- The Washington Times - Saturday, November 14, 2015

Saturday night is the Democrats’ second presidential debate set to take place in Iowa and will be hosted by CBS News and the Des Moines Register. After front-runner Hillary Rodham Clinton’s commanding performance in the first contest, the field has winnowed to three contestants: Vermont Sen. Bernie Sanders and former Maryland Gov. Martin O'Malley. Here’s a few things to watch out for:

How much will the Paris attacks weigh in on the debate and how will the candidates respond?

The Islamic State group has claimed responsibility for the devastating terrorism Friday night that rocked Paris, left more than a hundred dead and was the bloodiest attack on French soil since World War II.

The debate’s initial focus will be on the attacks, according to various news sources citing people knowledgeable with the format. Foreign policy and national security have already been top issues in many of the Republican debates, with Saturday night being the first time the Democrats can substantially confront the issue in front of the American public.

How will Mrs. Clinton — who was responsible for many of the Obama administration’s policies in the Middle East while serving as Secretary of State — defend her record? Will Mr. Sanders or Mr. O'Malley criticize some of the choices that she or the administration has made? Just Friday morning, President Obama claimed the Islamic State was “contained” in an interview with ABC News. Will the contenders defend the Obama administration’s record, or run from it? What will their alternative proposals be?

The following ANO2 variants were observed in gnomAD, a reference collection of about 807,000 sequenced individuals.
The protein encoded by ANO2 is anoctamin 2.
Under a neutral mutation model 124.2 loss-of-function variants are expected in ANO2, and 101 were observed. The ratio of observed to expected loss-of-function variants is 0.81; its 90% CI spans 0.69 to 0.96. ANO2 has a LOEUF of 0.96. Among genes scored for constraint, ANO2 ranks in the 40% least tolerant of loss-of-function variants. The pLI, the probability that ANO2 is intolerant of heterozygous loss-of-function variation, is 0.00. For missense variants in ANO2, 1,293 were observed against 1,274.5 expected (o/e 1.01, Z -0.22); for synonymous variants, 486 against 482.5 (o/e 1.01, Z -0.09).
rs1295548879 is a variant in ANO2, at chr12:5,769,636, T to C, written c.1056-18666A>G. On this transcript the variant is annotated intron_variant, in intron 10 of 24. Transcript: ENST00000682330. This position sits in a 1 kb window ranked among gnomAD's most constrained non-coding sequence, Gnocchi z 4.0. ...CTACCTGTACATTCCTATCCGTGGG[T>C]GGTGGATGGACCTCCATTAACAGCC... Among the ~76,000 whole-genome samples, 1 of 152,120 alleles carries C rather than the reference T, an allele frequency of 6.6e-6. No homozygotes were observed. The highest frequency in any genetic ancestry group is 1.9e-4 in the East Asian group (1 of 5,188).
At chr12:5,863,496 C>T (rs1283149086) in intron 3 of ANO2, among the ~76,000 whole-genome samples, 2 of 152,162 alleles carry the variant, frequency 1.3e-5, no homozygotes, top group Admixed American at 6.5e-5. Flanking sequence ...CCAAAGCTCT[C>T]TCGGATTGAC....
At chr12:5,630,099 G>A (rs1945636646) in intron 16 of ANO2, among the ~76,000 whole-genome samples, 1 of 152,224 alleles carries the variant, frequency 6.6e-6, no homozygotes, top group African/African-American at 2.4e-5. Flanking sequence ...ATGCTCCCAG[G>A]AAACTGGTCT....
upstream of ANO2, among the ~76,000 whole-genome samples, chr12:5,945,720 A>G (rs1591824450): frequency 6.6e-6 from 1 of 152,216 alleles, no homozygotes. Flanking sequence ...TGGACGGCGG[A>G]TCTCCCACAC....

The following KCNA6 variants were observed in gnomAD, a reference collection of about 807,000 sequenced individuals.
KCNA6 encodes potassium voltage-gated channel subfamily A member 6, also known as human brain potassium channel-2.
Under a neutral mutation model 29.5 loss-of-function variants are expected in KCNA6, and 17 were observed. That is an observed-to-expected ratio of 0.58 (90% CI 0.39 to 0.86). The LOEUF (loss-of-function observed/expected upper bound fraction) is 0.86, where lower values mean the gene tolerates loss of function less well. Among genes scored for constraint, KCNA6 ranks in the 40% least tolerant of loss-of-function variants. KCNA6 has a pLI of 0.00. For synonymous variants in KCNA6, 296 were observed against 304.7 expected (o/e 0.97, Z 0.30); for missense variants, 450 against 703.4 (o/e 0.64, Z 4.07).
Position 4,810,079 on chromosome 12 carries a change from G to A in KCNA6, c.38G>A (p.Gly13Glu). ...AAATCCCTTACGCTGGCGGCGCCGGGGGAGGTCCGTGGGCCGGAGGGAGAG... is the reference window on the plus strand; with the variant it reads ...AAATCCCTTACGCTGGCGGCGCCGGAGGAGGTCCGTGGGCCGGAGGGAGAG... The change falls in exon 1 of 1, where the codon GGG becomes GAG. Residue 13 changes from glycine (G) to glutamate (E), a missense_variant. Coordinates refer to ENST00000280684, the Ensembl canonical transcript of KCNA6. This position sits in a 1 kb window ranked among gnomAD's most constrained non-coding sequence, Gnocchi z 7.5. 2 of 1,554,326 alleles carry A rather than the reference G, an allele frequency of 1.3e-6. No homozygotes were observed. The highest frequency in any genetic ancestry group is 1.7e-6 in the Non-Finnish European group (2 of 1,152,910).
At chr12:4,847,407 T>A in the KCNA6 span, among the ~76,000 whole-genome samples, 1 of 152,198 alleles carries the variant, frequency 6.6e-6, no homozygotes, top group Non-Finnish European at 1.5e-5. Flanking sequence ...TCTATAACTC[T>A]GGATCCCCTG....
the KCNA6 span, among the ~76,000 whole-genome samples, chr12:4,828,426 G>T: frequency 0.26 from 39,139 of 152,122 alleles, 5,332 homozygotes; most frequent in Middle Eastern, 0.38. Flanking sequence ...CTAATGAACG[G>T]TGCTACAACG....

Everyone on the debate stage can expect more questions about how they would combat the Islamic State and keep America safe.

Can Hillary Clinton turn in another commanding performance?

Many pundits say the race is Mrs. Clinton’s to lose, so she needs to avoid any major gaffs Saturday night as well as avoid being dragged further to the left on issues by Mr. Sanders, an independent and self-described socialist.

Although she enjoys a large lead in the national polls, she continues to face an investigation by the FBI into whether any classified material was sent or received on her private email server, hostility from committees on Capitol Hill, most notably the one looking into the events surrounding Benghazi, and consistent attacks on her record by her Republican competitors.

Therefore, Mrs. Clinton can’t just play it safe. She needs to be aggressive and formidable. As Jim Manley, a Democratic strategist who supports Mrs. Clinton has said, she still “has a lot more selling to do,” to not only the Democratic base, but to the general electorate as well.

What will Bernie Sanders do?

Mr. Sanders is largely the wild card tonight, with many strategists interested in what he will say and do, largely because he’s so unpredictable and unscripted. Mr. Sanders has been more aggressive on the stump and may get tougher with Mrs. Clinton on many of the issues that both differentiate him and where he’s come out first on the issues.

In a Wall Street Journal interview, he said that Mrs. Clinton’s flip-flop’s on substantive policy issues, such as the Trans-Pacific Partnership agreement, amount to a “character” issue voters should consider. Although he’s vowed to run a campaign void of criticizing Mrs Clinton, his sagging poll numbers may led to a more feisty Mr. Sanders.

Can Martin O'Malley jump-start his campaign?

Mr. O'Malley has been struggling to gain traction in the polls, still registering in the low single digits in many state surveys. Mr. O'Malley’s team has suggested they will look to highlight issues where he has led in Maryland — gun safety, death penalty and immigration — pulling out his executive record as well as presenting him as the candidate most likely to win the general election.

Mr. O'Malley is betting heavily his retail-politicking in Iowa will pay off. He has spent more time in the state than either of his competitors. Still, it’s a long and uphill battle for the former Maryland governor, and he really needs to stand out in a significant way to get some traction, strategists say. His campaign viewed the first debate as an introduction to voters and Saturday night’s debate as one dedicated to policy.

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